Few answers in congressional hearing on Maui's wildfire and electric provider
Politicians probing the cause of last month’s deadly Maui wildfire did not get many answers during Thursday’s congressional hearing on the role the electrical grid played in the disaster.
The president of Hawaiian Electric, Shelee Kimura, said she did not know specific details about when the power stopped flowing through downed power lines in Lahaina or when the decision was made to trigger a procedure designed to ensure broken lines were not re-energised.
But she said she would get that information to the committee later. Hawaiian Electric is Maui’s sole electricity provider.
The fire in the historic town of Lahaina killed at least 97 people and destroyed more than 2,000 buildings, mostly homes.
It first erupted at 6.30am when strong winds appeared to cause a Hawaiian Electric power line to fall, igniting dry brush and grass near a large subdivision.
The fire was initially declared contained, but it flared up again around 3pm and spread through the town.
The Associated Press reported on Wednesday that aerial and satellite imagery shows the gully where the fire reignited that afternoon has long been choked with plants and trash, which a severe summer drought turned into tinder-dry fuel for fires.
Photos taken after the blaze show charred foliage in the utility’s right-of-way still more than 10 feet (three metres) high, and a resident who lives next to the gully said it had not been mowed in the 20 years he has lived there.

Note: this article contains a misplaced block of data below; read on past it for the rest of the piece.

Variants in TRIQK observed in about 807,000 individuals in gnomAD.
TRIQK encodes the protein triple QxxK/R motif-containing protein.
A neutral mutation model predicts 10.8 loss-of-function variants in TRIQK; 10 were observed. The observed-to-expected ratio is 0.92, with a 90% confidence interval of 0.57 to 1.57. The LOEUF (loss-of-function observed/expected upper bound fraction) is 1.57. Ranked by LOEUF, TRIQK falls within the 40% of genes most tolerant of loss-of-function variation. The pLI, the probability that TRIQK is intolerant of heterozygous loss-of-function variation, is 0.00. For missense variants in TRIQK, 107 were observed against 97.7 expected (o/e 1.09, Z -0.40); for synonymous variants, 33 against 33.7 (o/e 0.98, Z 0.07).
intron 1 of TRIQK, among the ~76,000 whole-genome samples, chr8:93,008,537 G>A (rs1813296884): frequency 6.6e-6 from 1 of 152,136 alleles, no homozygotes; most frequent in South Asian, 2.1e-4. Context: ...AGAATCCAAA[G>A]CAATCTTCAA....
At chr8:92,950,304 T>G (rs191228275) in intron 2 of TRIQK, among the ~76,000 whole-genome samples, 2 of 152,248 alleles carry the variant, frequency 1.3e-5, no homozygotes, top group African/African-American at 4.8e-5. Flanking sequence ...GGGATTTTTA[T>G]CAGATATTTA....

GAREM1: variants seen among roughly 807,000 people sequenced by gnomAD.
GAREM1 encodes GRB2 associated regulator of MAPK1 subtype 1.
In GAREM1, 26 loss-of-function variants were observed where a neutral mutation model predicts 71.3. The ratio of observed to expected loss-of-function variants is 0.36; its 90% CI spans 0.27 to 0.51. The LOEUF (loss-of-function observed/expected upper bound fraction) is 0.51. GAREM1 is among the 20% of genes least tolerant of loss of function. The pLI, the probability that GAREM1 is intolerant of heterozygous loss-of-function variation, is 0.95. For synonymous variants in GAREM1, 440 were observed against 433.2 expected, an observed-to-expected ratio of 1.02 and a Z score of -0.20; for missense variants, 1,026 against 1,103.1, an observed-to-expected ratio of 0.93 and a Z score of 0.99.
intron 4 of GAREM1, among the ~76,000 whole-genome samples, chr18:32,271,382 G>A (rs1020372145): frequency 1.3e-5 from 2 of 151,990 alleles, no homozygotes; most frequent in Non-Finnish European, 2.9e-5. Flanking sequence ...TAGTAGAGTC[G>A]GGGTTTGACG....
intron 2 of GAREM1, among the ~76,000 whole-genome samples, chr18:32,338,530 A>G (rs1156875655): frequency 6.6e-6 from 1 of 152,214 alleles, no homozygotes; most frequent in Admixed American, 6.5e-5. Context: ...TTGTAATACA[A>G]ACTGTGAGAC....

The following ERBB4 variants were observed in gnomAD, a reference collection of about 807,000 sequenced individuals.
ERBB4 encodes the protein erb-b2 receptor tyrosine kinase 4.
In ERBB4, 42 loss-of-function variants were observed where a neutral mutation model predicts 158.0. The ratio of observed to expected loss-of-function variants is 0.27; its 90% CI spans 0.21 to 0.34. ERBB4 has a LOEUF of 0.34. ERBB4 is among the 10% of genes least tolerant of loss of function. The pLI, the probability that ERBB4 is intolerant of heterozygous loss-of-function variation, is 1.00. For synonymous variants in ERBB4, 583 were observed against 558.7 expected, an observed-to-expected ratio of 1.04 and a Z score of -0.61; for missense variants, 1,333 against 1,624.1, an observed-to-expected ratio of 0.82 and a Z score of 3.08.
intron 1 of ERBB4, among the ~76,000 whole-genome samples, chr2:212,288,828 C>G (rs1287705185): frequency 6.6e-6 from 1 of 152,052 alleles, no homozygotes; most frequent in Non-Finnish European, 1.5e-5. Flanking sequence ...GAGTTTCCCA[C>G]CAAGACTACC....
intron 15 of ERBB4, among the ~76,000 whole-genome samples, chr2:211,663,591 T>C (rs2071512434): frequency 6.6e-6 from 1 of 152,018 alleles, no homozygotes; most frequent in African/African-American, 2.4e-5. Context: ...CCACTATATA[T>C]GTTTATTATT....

Asked about the issue on Thursday during the US House Energy and Commerce subcommittee hearing, Ms Kimura reiterated Hawaiian Electric’s position that it is only responsible for trimming trees that are high enough to contact electric lines.
“Our vegetation management is around our lines. It is not a stated right to take care of the grass under our lines on private property,” she said, adding that it is an issue that the state should consider in the aftermath of the fire.
Politicians questioned Ms Kimura and other utility officials about how the deadliest US wildfire in more than a century began — and whether the electrical grid in Lahaina was safe and properly maintained.
There is still much to sort out about the fire, Republican representative Morgan Griffith said at the hearing’s start.
Among questions that need to be answered are how the fires spread and what efforts to reduce fire risk have been made in recent years.
Those testifying at the hearing were Ms Kimura, Hawaii Public Utilities Commission chair Leodoloff Asuncion Jr and Hawaii chief energy officer Mark Glick.
Asked to address whether the electrical grid in Lahaina was safe and properly maintained, Ms Kimura told the committee that 2,000 of the company’s wooden power poles had not been tested for possible termites, rot or other problems since 2013.
The other 29,000 poles on the island had been assessed under Hawaiian Electric’s “test and treat” programme, she said.
Ms Kimura said she did not know exactly where those 2,000 remaining untested poles were located. But at least one near where the fire started was tested and treated in 2022, she said.
The factors that led to the fire are complex and involve several organisations, Ms Kimura said.
“There’s a system here that was in play for all of these conditions to happen all at one time that resulted in the devastation in Lahaina,” she said.
Both Ms Kimura and Mr Asuncion addressed the possibility of burying power lines to reduce wildfire risk, especially in high-wind conditions.
About 50% of Hawaii’s power lines are now underground, Ms Kimura said. However, Mr Asuncion said burying can be cost-prohibitive and has a big impact on rate-payers.
Andrea Pekelo, one of eight fire victims who attended the hearing, said afterward that she appreciated the “pointed questions” asked by the politicians but she was frustrated by the responses and hopes the committee keeps pushing for answers.